All right. Well, welcome, everyone. Let's dive in. So my first question is, actually, I'm going to combine my first two questions and I'm going to ask you to tell me a little bit about your team, like the composition of your team, how many people is, you know, or is everyone in the same office?

Are people in different offices?

Kind of give me a little, give me and the audience kind of a little perspective about your team.

And then also tell us what your team was like before COVID-19.

So what kinds of challenges did you kind of maybe already experience as a team?

What was working really well and how often did you get together?

So Spencer, let's start with you. Yeah, so for the business development team, I'm on the field team of about 20 people before COVID.

And even now, everyone's scattered all over.

So we have some people that are remote and people based out of all the different offices.

I've only been at Cloudflare since February.

So whenever I started, I was only in the Austin office for four days before they had the work from home order.

Oh my goodness, I had no idea. Yeah, it was a little bit of a bummer, but so that's the side for the business development.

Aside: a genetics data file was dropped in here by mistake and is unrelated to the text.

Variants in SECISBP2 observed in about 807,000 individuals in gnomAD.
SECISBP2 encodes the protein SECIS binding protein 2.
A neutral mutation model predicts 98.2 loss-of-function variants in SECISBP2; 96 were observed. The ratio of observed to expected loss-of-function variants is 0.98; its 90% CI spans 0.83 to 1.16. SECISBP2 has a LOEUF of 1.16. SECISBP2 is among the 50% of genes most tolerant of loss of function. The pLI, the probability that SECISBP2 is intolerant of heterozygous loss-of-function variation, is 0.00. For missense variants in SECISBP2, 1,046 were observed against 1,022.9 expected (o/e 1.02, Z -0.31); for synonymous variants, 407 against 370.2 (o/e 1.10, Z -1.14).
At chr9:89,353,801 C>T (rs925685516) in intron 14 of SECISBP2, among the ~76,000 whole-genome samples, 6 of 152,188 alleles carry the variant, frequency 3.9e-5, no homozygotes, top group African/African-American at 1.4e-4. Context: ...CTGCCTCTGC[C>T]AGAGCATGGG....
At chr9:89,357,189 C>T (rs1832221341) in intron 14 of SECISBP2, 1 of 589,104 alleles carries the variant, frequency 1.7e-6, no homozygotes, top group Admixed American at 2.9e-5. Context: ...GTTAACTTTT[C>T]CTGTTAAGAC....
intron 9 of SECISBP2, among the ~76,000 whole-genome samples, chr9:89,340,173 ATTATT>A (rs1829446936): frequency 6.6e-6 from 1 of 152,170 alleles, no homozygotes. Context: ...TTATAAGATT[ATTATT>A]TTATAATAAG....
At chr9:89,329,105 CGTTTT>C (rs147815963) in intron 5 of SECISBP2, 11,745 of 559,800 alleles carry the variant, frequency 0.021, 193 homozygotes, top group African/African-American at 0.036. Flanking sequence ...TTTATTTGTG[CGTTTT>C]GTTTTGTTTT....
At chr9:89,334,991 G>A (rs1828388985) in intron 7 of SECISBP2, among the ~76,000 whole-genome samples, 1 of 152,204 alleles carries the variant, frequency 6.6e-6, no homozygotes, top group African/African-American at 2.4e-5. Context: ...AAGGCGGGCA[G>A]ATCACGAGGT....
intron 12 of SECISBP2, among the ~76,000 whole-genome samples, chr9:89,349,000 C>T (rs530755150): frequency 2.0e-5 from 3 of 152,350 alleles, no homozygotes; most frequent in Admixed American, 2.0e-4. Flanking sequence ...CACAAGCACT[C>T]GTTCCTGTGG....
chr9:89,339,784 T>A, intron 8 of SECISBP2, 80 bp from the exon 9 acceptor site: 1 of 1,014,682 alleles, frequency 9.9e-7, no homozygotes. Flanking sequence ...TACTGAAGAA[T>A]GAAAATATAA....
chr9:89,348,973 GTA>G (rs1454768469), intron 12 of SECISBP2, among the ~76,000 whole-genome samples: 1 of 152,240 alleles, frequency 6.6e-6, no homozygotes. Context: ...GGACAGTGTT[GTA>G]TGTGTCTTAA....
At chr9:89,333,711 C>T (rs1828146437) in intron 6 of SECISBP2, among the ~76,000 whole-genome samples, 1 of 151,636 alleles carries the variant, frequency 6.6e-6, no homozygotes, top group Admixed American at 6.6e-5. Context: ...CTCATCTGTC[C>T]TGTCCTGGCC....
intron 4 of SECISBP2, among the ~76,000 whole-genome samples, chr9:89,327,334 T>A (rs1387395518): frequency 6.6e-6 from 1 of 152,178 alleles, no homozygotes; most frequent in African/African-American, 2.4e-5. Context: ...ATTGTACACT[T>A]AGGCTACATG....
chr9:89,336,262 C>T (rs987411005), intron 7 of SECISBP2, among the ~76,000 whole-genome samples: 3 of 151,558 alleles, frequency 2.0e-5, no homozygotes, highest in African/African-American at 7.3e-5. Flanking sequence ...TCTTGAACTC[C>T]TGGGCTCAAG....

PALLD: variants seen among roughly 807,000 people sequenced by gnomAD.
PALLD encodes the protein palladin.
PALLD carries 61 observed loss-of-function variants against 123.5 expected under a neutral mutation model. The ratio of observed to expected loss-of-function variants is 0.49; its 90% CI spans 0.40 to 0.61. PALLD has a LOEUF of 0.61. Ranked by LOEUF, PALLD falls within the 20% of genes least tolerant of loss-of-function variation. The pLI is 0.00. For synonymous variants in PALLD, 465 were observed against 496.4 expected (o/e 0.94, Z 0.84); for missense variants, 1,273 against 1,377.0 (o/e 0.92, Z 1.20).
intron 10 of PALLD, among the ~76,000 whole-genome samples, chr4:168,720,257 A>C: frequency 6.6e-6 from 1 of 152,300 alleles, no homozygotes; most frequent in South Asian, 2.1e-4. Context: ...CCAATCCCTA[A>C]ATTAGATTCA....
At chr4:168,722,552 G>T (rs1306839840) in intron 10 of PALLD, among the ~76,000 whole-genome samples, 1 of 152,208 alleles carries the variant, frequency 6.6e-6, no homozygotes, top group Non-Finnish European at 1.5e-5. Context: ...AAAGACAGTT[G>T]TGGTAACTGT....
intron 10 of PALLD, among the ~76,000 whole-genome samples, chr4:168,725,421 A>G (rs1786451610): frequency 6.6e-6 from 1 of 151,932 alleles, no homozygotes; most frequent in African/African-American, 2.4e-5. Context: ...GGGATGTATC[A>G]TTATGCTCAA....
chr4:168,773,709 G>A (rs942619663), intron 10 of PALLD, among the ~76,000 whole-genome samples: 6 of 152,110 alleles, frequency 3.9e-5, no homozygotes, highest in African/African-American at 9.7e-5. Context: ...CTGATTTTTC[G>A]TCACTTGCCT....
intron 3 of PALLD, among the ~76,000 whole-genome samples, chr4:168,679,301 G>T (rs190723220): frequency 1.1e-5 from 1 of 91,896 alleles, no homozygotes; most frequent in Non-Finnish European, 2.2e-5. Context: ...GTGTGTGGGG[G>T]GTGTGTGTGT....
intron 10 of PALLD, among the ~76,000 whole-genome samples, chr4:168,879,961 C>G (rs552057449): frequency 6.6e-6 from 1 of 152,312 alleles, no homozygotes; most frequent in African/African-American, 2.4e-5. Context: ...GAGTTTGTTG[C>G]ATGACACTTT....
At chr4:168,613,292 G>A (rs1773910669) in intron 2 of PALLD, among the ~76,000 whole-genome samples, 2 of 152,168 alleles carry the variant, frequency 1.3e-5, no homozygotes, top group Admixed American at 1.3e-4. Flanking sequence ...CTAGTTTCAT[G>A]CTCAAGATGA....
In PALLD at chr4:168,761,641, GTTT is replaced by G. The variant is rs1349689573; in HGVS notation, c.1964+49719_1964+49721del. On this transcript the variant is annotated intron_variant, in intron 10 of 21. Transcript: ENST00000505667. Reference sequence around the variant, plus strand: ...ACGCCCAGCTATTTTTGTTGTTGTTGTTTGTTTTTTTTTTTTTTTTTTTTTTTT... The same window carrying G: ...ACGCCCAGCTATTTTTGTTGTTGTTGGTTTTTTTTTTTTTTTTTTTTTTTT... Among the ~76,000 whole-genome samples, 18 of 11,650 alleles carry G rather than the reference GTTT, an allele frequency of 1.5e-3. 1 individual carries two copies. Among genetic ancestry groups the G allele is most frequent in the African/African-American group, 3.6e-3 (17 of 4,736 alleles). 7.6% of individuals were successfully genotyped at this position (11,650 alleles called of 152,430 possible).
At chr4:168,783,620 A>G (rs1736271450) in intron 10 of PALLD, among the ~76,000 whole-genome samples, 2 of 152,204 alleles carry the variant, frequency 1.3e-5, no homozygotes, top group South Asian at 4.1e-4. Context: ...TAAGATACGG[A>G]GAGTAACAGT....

And then I'm also the global lead for GreenCloud, which is the sustainability group at Cloudflare.

Before COVID, we were really unorganized and believe it or not, this has given us a chance to really come together and combine people from all across the organization and the world to, you know, have this joint cause.

So it's been a lot of fun. Awesome. I did not know that. That is such like a unique thing.

So you literally were in the office only four days. Four days. I'm lucky because I got to go to San Francisco.

So that's... Oh yeah, that is great.

Wow. A lot of people aren't able to do that, which is a good experience, but...

Cool. All right. Well, thank you. That's a very interesting perspective. Chloe, tell us a little bit about your team and what life was like on your team before COVID-19.

Yeah, yeah. So I'm lucky enough to be based out of the San Francisco headquarters, which sort of feels like the, you know, where everything's happening sometimes, which is awesome.

And then of course we have teams in Austin, which is pretty new, and then the teams in New York, which Hadi is a part of.

And then, you know, because we work with enterprise customers around the world, we've got teams in Singapore and in London, and we get to talk with those teams, you know, every once in a while when there's availability with the schedules and the time zones.